The original Greenbury Point Light Station was constructed in 1849 to mark the entrance to the Annapolis Harbor. In 1878, the Lighthouse Board reported, “The light, in its present position, is of little use, and is so small that it can hardly be distinguished from the lights of the Naval Academy and the harbor of Annapolis.” The structure was also in need of extensive repairs and the land was quickly eroding around the house.
Starting in 1879, the Lighthouse Board recommended an appropriation of $25,000 to build a lighthouse at the end of the shoal at Greenbury Point at the entrance to the Severn River, MD to replace the existing lighthouse on the point. After multiple requests, Congress finally appropriated $25,000 to construct the new lighthouse in 1889.
Construction of the superstructure began in 1890 at Lazaretto Depot in Baltimore, MD. On July 28, 1891, work began on the foundation. In August, all piles were in place, but the workers realized that the soil was not firm enough to support the foundation properly. Casts iron disks were acquired “of as great diameter as the spaces between the parts of the ironwork would allow.” Cast-iron sleeves were attached to the disks, then slipped the sleeves and disks onto the piles “and forced down until the disks had obtained a solid bearing on the shoal. The sleeves were then firmly bolted to the piles.” This would allow for the bearing surface to be increased. This additional work caused a delay of approximately six weeks and work on the lighthouse resumed on September 14, 1891. Work then resumed on the construction of the house and was completed on October 8. The new six-room hexagonal wooden lighthouse was supported by seven piles and equipped with a fourth-order Fresnel lens exhibiting a fixed white light. It was first displayed on November 15, 1891.
On February 4, 1918, Keeper John Berntsen sent a letter to the Lighthouse Board regarding dangerous ice floes. “You are respectfully informed that at 1 o’clock this morning the ice broke adrift; at 1:30 a.m. the lamp in the lens upset and was put out of commission, and a minute later the lens fell off the pedestal and broke all to pieces, together with storm panes. There are two panes needed for the lantern and a new lens. Everything in the house was upset except the stove and water tanks. The ice is very heavy and lot of ice yet to come.”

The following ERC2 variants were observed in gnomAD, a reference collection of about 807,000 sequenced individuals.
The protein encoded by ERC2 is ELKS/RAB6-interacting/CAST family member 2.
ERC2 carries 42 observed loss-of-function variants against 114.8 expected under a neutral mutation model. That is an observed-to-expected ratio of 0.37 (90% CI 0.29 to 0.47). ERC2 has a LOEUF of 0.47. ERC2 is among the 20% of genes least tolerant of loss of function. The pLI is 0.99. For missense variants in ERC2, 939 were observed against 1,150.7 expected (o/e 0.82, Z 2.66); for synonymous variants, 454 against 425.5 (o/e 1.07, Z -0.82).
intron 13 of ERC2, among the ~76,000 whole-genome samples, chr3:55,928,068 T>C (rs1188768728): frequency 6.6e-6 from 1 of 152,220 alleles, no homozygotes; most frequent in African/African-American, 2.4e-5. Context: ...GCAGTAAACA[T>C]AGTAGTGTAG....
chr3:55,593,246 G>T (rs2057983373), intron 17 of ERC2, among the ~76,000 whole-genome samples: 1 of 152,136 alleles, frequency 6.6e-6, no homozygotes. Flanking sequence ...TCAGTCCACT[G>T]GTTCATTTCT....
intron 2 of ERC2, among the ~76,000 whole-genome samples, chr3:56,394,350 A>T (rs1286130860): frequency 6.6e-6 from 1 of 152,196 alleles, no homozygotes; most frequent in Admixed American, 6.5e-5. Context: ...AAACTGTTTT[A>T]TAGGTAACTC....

In 1934 the structure was removed and replaced by an automatic light on a small skeleton tower on the original foundation. Locals called the light the “Spider buoy”. On October 21, 2008, the U.S. Coast Guard cutter Sledge crew removed the remaining lighthouse structure.
Head Keepers: John B.T. Suit (1891 – 1897), W.S. Stinchicomb (1897 – 1900), Edgar T. Somers (1900 – 1903), Charles W. Hartman (1903 – 1904), Patrick Reedy (1904 – 1905), John E. Faulkner (1905), Patrick Reedy (1905 – 1906), Clinton B. Gray (1906 – 1917), Sheldon R. Van Houter (1917), William H. Schoenfelder (1917), John Berentsen (1917 – at least 1919), John L. Ennis (at least 1921 – 1930), John D. Elliott (1930 – )
Assistant Keepers: James Reedy (1905 – 1907), Charles A. Larsen (1907 – 1908), George M. Willis, Sr. (1908 – 1911), Patrick Reedy (1911 – at least 1912), David W. Collison (at least 1913), John D. Burton (at least 1915 – 1916), John Berentson (? – 1917), David W. Collison (1916 – 1917), Thomas R. Williams (1918 – 1919), John W. Gaither (1919), John W. Hughes (1919 – ), Morris A. Todd (1920 – ), James G. Meekins (at least 1921), John F. Riley (1926 – 1927)
|TIMELINE||GPS: 38.975°N 76.455°W|